An OCaml Numerical Library

Owl is an emerging numerical library for scientific computing and engineering. The library is developed in the OCaml language and inherits all its powerful features such as static type checking, powerful module system, and superior runtime efficiency. Owl allows you to write succinct type-safe numerical applications in functional language without sacrificing performance, significantly reduces the cost from prototype to production use.

Behind the scene, Owl builds the advanced numerical functions atop of its solid implementation of n-dimensional arrays. Quite different from other libraries, algorithmic differentiation and distributed computing have been included as integral components in the core library to maximise developers' productivity. Owl is young but grows fast, the current features include:

  • N-dimensional array (both dense and sparse)
  • Various number types: float32, float64, complex32, complex64, int8, int16, int32 ...
  • Linear algebra and full interface to CBLAS and LAPACKE
  • Algorithmic differentiation (or automatic differentiation)
  • Neural network module for deep learning applications
  • Dynamic computational graph allowing greatest flexibility for applications
  • Parallel and Distributed engine (map-reduce, parameter server, etc.)
  • Advanced math and stats functions (e.g., hypothesis tests, MCMC, etc.)
  • Zoo system for efficient scripting and code sharing
  • GPU support (work in progress ...)

You can reach us in the following ways, looking forward to hearing from you!


Owl's documentation contains a lot of learning materials to help you start. The full documentation consists of two parts: Tutorial Book and API Reference. Both are perfectly synchronised with the code in the repository by the automatic building system. You can access both parts with the following link.


Owl requires OCaml >=4.06.0. The installation is rather trivial. There are four possible ways to try out Owl, as shown below, from the most straightforward one to the least one.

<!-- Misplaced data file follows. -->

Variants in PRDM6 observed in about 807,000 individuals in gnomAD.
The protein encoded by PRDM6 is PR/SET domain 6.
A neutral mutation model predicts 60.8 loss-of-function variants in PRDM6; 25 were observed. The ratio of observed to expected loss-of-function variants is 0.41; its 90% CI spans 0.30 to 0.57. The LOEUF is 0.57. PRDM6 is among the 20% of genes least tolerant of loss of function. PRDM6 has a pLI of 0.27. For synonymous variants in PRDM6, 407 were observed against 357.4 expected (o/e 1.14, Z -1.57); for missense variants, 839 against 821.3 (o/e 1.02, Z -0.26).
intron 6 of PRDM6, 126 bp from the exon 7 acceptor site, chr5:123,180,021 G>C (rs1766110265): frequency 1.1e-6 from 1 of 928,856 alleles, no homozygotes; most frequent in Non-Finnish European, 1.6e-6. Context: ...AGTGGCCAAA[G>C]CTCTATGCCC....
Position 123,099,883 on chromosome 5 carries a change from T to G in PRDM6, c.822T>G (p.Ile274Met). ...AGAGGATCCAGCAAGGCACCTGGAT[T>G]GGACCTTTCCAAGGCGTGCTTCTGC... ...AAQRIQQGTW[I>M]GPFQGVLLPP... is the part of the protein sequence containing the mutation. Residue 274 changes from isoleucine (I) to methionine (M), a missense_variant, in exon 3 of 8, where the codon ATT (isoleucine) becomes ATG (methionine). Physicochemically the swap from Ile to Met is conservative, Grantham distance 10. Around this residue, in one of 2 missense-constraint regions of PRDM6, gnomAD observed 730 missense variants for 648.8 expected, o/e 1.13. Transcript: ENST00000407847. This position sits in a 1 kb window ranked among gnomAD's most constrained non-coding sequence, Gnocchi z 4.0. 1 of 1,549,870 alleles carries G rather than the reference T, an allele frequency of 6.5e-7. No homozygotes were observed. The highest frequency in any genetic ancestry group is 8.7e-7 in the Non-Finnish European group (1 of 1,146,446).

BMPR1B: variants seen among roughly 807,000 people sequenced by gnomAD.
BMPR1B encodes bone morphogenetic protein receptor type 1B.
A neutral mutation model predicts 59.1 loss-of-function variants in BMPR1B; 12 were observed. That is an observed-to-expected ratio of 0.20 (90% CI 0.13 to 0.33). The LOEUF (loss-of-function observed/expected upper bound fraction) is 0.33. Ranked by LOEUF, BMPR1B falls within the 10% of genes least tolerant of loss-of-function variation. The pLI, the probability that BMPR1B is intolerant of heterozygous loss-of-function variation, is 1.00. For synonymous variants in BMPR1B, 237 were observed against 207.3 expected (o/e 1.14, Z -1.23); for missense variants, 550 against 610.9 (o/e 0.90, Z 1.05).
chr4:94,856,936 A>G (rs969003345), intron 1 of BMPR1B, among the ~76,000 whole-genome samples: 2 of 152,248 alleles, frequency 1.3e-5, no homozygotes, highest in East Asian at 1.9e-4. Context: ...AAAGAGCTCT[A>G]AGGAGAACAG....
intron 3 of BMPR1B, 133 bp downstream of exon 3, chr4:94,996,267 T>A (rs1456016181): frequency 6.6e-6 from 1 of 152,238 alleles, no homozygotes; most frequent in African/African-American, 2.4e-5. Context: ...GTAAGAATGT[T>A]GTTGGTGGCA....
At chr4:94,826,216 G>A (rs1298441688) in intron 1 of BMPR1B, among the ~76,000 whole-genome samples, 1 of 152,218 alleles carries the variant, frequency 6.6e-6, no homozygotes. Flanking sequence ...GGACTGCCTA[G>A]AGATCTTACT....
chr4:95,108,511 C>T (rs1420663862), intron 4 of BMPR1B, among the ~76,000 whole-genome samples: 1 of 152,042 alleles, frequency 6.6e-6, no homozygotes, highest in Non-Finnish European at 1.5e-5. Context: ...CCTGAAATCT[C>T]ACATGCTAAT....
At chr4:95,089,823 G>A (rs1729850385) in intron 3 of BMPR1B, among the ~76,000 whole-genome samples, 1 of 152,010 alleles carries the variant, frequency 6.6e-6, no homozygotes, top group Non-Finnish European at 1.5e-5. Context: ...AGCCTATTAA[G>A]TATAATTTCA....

Option 1: Install from OPAM

You can simply type the following in the command line to start.

opam install owl

Owl's current version on OPAM is 0.2.9, and it lags way behind the master branch (current 0.3.4) and misses many new features. If you want to try the newest version, I recommend the other three ways to install.

Option 2: Pull from Docker Hub

You only need to pull in Owl's docker image and start a container, then play with it in utop. The source code is stored in /root/owl directory.

docker pull owlbarn/owl
docker run -t -i owlbarn/owl

There are several Linux distributions provided including an ARM-based Ubuntu. You can pull in a specific Owl image with corresponding tags.

docker pull owlbarn/owl:ubuntu
docker pull owlbarn/owl:debian
docker pull owlbarn/owl:alpine
docker pull owlbarn/owl:centos
docker pull owlbarn/owl:opensuse
docker pull owlbarn/owl:fedora

All these images are perfectly synced with the master branch by automatic building. You can check the building history on Docker Hub.

Option 3: Pin the Dev-Repo

opam pin allows us to pin the local code to Owl's development repository on Github. The first command opam depext installs all the dependencies Owl needs.

opam depext owl
opam pin add owl --dev-repo

Option 4: Compile from Source

First, you need to clone the repository.

git clone git@github.com:owlbarn/owl.git

or with

git clone https://github.com/owlbarn/owl.git

Second, you need to figure out the missing dependencies and install them.

jbuilder external-lib-deps --missing @install

Last, this is perhaps the most classic step.

make && make install


The most important dependency is OpenBLAS. Linking to the correct OpenBLAS is the key to achieve the best performance. Depending on the specific platform, you can use yum, apt-get, brew to install the binary format. For example on Mac OSX,

brew install openblas

However, installing from OpenBLAS source code leads to way better performance in my own experiment. In future, the dependency on OpenBLAS should also be resolved by opam automatically.

Integration to Toplevel

Owl is well integrated with utop. You can use utop to try out the experiments in our tutorials. If you want utop to automatically load Owl for you, you can also edit .ocamlinit file in your home folder by adding the following lines. (Note that the library name is owl with lowercase o.)


AuthorLiang Wang
Issue Trackerhttps://github.com/owlbarn/owl/issues
MaintainerLiang Wang <ryanrhymes@gmail.com>
Source [http] https://github.com/owlbarn/owl/releases/download/0.4.0/owl-0.4.0.tbz
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